Fact Check: NO Proof That Spray Can Protect Against Coronavirus

Fact Check

  • by: Lead Stories Staff
Fact Check: NO Proof That Spray Can Protect Against Coronavirus

Does a spray offer protection against the new coronavirus? The claims are unproven, and here is some context: The Genesis Church 2 touts its products as a treatment for a variety of ailments and diseases, but the ingredients are actually industrial bleach. The U.S. Food & Drug Administration has warned the public against consuming the toxic treatment.

The claim surfaced in a tweet (archived here) published by @chiefpolice2 on January 24, 2020. It opened:

China expanded its lockdown against the deadly new virus to an unprecedented 36 million people. New followers protect yourself with the 20-20-20 spray. Watch this video It will kill the deadly virus.

Users on social media saw this:

The tweet from a user who identifies himself as a retired police chief in Las Vegas, Nevada, mentioned concerns over the coronavirus, which has killed 42 people in China. The user then urged his followers to "protect yourself" with a spray, which is known as "MMS," or Miracle Mineral Solution. He linked to a video that promotes the controversial mixture.

According to The Guardian, the ingredients for MMS include chlorine dioxide, a toxic industrial-strength bleach used on textiles. It is banned around the world for use as a medical treatment. Ben Mizer, a federal prosecutor, told ABC News:

They might as well be selling Clorox."

On August 12, 2019, the FDA issued a warning to consumers about what it called "dangerous and potentially life threatening side effects of Miracle Mineral Solution." The statement went on to say:

Miracle Mineral Solution has not been approved by the FDA for any use, but these products continue to be promoted on social media as a remedy for treating autism, cancer, HIV/AIDS, hepatitis and flu, among other conditions. However, the solution, when mixed, develops into a dangerous bleach which has caused serious and potentially life-threatening side effects.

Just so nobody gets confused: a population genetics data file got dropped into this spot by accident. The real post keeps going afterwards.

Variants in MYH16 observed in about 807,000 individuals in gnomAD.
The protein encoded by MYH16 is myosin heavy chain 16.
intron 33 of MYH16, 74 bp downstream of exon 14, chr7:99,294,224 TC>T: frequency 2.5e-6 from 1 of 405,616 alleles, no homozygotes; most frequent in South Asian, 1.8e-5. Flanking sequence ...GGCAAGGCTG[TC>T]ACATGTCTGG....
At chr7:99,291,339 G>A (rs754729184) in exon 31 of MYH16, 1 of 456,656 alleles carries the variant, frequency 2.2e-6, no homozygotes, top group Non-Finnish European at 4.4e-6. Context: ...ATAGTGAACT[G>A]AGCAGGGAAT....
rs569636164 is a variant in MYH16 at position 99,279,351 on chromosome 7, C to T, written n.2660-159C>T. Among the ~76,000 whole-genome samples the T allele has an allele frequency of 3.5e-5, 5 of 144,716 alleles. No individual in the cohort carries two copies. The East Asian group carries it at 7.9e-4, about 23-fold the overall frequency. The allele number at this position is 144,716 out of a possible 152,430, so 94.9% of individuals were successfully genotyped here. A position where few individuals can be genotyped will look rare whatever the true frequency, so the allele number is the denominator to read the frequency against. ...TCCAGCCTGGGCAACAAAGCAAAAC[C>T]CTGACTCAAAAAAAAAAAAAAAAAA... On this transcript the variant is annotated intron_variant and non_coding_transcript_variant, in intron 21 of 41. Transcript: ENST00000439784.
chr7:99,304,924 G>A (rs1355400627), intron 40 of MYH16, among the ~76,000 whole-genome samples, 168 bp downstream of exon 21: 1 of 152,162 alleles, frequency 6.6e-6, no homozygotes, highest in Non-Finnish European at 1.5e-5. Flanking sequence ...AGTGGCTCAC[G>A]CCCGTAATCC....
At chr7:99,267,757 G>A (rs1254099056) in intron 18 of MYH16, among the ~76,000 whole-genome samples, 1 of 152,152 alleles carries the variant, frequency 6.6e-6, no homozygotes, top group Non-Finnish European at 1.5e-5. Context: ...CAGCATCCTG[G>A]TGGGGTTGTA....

The website for Genesis Church 2, which says it is not a "religous" [sic] organization, hawks the sprays, which it calls "sacramental cleansing water." The site features a video endorsement from Dr. John Humiston, an American doctor who at the time was practicing medicine in Tijuana, Mexico. According to a website that tracks health-related legal matters, in 2010, he moved to San Diego, California, and began working at a clinic offering "alternative therapies." In 2018, the California Medical Board reprimanded him and accused him of negligence with two patients.

Over the years, ABC News has been investigating the group and said the FDA had documented at least 20 cases of MMS-related poisonings as of last year.

While the claims about whether MMS can cure anything remain unproven, the website for the group includes this sentence:

Our Sacramental Cleansing Water cures nothing.

Even so, one person who is a believer is actress Lindsay Wagner, who is most recognized for her role as Jaime Sommers from the 1970s series "The Bionic Woman." In 2016, she told KABC-TV in Los Angeles that she believed MMS worked for her:

Wagner said that she was not recommending MMS for anyone else, just that it seemed to help her condition. The treatment of MMS remains controversial, however. There is no proof that it actually works, or that it can help prevent the spread of the deadly coronavirus outbreak.

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Lead Stories is working with the CoronaVirusFacts/DatosCoronaVirus Alliance, a coalition of more than 100 fact-checkers who are fighting misinformation related to the COVID-19 pandemic. Learn more about the alliance here.

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Lead Stories is a fact checking website that is always looking for the latest false, misleading, deceptive or inaccurate stories, videos or images going viral on the internet.
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